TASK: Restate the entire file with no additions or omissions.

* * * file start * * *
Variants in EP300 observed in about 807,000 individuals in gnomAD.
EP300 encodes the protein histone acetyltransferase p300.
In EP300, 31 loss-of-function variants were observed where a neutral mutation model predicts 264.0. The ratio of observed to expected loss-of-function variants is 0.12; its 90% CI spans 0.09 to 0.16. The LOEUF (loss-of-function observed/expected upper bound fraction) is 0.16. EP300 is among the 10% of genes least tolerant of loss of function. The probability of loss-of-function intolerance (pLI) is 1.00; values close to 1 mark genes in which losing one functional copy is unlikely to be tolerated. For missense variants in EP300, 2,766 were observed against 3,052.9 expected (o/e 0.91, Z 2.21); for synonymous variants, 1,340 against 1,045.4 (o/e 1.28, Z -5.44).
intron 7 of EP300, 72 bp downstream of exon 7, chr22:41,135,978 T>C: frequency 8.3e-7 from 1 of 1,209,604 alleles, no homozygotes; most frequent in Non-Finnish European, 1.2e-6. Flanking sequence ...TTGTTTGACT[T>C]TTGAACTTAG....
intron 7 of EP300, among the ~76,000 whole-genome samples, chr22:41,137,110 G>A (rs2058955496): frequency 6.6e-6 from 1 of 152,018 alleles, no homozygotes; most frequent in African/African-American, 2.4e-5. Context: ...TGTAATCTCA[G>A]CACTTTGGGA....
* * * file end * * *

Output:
Variants in EP300 observed in about 807,000 individuals in gnomAD.
EP300 encodes the protein histone acetyltransferase p300.
In EP300, 31 loss-of-function variants were observed where a neutral mutation model predicts 264.0. The ratio of observed to expected loss-of-function variants is 0.12; its 90% CI spans 0.09 to 0.16. The LOEUF (loss-of-function observed/expected upper bound fraction) is 0.16. EP300 is among the 10% of genes least tolerant of loss of function. The probability of loss-of-function intolerance (pLI) is 1.00; values close to 1 mark genes in which losing one functional copy is unlikely to be tolerated. For missense variants in EP300, 2,766 were observed against 3,052.9 expected (o/e 0.91, Z 2.21); for synonymous variants, 1,340 against 1,045.4 (o/e 1.28, Z -5.44).
intron 7 of EP300, 72 bp downstream of exon 7, chr22:41,135,978 T>C: frequency 8.3e-7 from 1 of 1,209,604 alleles, no homozygotes; most frequent in Non-Finnish European, 1.2e-6. Flanking sequence ...TTGTTTGACT[T>C]TTGAACTTAG....
intron 7 of EP300, among the ~76,000 whole-genome samples, chr22:41,137,110 G>A (rs2058955496): frequency 6.6e-6 from 1 of 152,018 alleles, no homozygotes; most frequent in African/African-American, 2.4e-5. Context: ...TGTAATCTCA[G>A]CACTTTGGGA....